He gives a brief history of rhetoric, noting the manuals of Aristotle and Quintilian. He highlights the five elements of a rhetorical discourse: the exordium, which makes the audience more open to the material that follows, the narratio, which is an explanation of the facts relevant to the discussion, the propositio, which is the thesis statement, the probatio, which enumerates the arguments for the propositio, and is sometimes followed by the refutatio, which are the arguments against the propositio (we see this to a certain degree in Paul's letter to the Romans), and finally, the peroratio, which sums up the major arguments and makes a closing appeal to the hearer.

There is a chapter discussing the gospels of Mark and Luke, which Ben identifies as gospels of persuasion. He notes that Luke is a much more elegant rhetorician than Mark. Mark uses chreia (sayings, such as found in 6:1-6) and parables and comparisons, while Luke has a full blown rhetorically shaped exordium in 1:1-4, while his parables pack a powerful rhetorical punch.

Ben also mentions the rhetorical flourishes in the speeches in Acts.
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8 of 8 people found the following review helpful By Amazon Customer VINE VOICE on August 7, 2010
Format: Paperback
It's impossible to really understand the New Testament without understanding the cultural background of those who wrote it.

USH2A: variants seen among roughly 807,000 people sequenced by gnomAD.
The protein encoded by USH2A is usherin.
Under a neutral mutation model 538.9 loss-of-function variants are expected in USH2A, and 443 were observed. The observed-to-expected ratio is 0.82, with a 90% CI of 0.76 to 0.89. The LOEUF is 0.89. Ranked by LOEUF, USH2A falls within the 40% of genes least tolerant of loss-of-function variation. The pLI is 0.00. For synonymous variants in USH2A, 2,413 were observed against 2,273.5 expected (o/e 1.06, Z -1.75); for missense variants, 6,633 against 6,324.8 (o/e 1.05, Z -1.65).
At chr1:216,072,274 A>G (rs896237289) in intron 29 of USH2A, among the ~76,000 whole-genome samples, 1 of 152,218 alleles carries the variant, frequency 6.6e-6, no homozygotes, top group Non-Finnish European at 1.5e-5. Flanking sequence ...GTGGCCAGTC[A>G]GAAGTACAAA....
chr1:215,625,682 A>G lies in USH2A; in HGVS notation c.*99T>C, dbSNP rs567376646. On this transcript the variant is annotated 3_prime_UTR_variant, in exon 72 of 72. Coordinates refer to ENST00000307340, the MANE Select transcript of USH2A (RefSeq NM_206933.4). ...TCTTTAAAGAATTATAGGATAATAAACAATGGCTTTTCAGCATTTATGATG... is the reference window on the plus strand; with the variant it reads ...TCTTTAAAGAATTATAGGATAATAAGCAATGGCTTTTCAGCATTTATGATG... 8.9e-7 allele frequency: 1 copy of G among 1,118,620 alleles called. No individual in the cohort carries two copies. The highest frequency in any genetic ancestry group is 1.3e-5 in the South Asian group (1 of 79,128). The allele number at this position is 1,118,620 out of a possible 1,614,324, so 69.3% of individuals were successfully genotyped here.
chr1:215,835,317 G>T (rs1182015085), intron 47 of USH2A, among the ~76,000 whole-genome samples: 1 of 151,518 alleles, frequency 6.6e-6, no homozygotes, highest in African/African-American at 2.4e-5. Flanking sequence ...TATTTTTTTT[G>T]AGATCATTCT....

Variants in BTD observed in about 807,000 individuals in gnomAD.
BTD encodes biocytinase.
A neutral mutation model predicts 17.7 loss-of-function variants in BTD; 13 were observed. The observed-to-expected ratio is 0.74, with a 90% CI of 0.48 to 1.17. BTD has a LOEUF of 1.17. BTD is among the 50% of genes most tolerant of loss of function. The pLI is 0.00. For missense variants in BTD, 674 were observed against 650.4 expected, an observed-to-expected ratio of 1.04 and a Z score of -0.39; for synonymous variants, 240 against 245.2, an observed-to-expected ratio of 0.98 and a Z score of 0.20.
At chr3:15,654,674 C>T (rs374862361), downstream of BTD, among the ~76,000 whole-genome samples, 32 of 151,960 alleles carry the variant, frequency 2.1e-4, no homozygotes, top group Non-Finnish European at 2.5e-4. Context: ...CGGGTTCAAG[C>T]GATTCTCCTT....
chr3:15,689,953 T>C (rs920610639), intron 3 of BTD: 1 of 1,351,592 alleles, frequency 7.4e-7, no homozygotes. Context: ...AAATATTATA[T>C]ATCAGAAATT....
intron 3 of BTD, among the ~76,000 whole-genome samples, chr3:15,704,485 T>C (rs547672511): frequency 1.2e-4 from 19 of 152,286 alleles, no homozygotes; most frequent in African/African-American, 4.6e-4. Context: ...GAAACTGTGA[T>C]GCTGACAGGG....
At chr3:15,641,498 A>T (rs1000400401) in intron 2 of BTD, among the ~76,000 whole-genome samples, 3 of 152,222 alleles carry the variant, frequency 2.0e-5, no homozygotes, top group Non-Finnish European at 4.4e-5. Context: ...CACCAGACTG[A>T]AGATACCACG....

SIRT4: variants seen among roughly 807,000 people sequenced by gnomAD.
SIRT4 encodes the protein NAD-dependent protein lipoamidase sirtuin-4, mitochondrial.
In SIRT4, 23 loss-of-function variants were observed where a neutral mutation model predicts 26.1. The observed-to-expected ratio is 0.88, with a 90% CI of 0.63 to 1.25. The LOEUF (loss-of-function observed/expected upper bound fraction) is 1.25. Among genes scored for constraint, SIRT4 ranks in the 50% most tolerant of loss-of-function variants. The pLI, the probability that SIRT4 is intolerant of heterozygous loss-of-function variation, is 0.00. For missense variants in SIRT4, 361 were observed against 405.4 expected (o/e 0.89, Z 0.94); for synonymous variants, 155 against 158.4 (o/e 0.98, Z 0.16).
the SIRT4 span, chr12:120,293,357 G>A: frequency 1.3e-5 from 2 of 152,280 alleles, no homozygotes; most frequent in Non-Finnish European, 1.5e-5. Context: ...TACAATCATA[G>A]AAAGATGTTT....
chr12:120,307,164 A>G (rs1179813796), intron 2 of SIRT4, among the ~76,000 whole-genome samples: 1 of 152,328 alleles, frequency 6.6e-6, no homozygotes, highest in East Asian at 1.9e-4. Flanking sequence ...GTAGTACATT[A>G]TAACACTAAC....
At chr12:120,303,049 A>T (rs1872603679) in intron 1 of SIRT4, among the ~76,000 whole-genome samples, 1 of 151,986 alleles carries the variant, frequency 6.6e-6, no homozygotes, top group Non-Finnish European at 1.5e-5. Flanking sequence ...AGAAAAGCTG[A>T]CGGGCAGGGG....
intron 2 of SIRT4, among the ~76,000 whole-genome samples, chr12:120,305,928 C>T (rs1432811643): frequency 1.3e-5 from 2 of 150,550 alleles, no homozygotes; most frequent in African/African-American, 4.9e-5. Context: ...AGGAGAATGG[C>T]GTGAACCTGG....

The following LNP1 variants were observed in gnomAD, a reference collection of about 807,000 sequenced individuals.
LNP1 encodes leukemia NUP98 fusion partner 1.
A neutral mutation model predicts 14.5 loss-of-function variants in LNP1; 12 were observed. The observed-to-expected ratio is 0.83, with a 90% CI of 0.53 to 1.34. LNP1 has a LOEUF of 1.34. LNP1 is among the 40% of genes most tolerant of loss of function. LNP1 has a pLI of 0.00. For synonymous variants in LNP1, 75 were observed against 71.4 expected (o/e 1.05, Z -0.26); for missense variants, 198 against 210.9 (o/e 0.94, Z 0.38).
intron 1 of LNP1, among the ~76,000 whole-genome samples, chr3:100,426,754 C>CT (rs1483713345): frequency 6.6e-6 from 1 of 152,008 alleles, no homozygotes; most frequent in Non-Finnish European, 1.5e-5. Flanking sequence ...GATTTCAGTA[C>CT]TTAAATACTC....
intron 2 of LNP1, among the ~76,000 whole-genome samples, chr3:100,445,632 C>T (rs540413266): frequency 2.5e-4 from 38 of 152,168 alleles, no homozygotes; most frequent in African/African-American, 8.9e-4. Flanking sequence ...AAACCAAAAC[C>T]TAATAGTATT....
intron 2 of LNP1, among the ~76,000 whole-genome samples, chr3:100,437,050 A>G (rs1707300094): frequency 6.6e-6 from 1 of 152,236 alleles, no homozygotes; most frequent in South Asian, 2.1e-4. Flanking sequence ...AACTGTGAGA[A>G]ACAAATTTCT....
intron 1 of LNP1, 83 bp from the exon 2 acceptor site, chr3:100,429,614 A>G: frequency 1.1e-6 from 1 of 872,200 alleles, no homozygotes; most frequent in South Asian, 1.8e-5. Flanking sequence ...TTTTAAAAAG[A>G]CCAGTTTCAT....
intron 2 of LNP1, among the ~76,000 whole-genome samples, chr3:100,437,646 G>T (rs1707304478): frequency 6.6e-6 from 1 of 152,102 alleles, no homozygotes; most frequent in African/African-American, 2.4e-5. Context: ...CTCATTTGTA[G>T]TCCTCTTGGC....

Witherington, who is always good, manages to explain how rhetoric was used in language that is accessible for even the most casual student of the New Testament.

Make no mistake about it, the ancient world relied more on orality than the written word. Rhetoric was considered one of the most basic of educational lessons; indeed, Witherington argues that "most of the NT owes far more to rhetoric ..than it ever owed to the nascent practice of writing letter essays" (p 5).

There are many examples of rhetorical devices used by Paul and others. Luke, using the most elegant Greek in the NT, indicates how "Stephen's demise closely parallels that of his master Jesus" (p 55). Witherington argues that many scholars have stumbled badly when trying to interpret Stephen's speech, because of a lack of knowledge of the standard rhetorical devices in ancient times. (Bultmann, of course, flies to mind).

One consideration to ponder is that literacy must have been "a criteria for Christian leadership in the early church" (p 97). It's clear that all the NT writers had been well educated, and were likely to have been among the top 5-10% in regards to educational background.

Ben Sira had insisted that all male children be taught to read scripture. How many actually did is debatable (for a good book on this subject, see "Reading and Writing in the Time of Jesus".) It is clear from the hodgepodge of Aramaic, Hebrew, and Greek inscriptions in Israel at the time that the majority of Jews appear, at least, to have been bilingual. And there is evidence of Greek shorthand as well.
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Excellent book. It explains the structure of the New Testament and and helps the reader better understand the intent of the writers. Every Christian should familiarize themselves with the content of this book.